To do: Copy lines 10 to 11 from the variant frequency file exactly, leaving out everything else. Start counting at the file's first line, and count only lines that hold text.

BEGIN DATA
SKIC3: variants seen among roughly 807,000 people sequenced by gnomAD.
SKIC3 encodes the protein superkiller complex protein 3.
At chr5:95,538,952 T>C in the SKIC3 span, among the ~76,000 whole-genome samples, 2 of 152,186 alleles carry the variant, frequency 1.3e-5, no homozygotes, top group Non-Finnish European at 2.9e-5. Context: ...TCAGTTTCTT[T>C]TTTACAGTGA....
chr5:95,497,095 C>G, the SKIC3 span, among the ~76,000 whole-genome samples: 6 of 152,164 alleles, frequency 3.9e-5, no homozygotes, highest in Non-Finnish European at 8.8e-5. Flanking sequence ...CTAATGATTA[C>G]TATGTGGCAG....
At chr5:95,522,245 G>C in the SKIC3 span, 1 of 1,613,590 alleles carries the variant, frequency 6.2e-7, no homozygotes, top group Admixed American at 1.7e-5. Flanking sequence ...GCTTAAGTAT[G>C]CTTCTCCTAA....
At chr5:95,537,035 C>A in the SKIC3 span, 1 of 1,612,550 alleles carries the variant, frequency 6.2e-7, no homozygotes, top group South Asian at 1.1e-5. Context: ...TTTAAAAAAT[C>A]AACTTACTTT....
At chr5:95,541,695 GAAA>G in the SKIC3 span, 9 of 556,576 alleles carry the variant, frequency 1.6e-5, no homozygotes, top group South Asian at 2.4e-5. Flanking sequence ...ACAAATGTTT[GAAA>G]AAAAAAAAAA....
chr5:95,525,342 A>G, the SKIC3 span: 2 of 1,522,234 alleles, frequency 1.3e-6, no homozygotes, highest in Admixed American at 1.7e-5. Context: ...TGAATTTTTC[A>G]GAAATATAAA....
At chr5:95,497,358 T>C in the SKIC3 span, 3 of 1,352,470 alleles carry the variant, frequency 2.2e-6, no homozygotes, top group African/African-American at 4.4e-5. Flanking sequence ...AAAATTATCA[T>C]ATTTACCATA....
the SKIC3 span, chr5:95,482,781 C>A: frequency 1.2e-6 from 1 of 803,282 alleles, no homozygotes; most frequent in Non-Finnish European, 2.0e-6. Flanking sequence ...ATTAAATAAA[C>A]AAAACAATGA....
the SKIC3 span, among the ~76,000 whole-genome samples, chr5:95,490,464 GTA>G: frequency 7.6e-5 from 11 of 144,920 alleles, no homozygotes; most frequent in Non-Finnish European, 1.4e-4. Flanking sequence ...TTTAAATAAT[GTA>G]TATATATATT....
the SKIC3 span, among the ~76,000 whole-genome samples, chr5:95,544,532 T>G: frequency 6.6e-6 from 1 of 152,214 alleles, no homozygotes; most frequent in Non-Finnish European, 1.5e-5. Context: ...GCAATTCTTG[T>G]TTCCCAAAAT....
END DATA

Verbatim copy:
the SKIC3 span, chr5:95,482,781 C>A: frequency 1.2e-6 from 1 of 803,282 alleles, no homozygotes; most frequent in Non-Finnish European, 2.0e-6. Flanking sequence ...ATTAAATAAA[C>A]AAAACAATGA....
the SKIC3 span, among the ~76,000 whole-genome samples, chr5:95,490,464 GTA>G: frequency 7.6e-5 from 11 of 144,920 alleles, no homozygotes; most frequent in Non-Finnish European, 1.4e-4. Flanking sequence ...TTTAAATAAT[GTA>G]TATATATATT....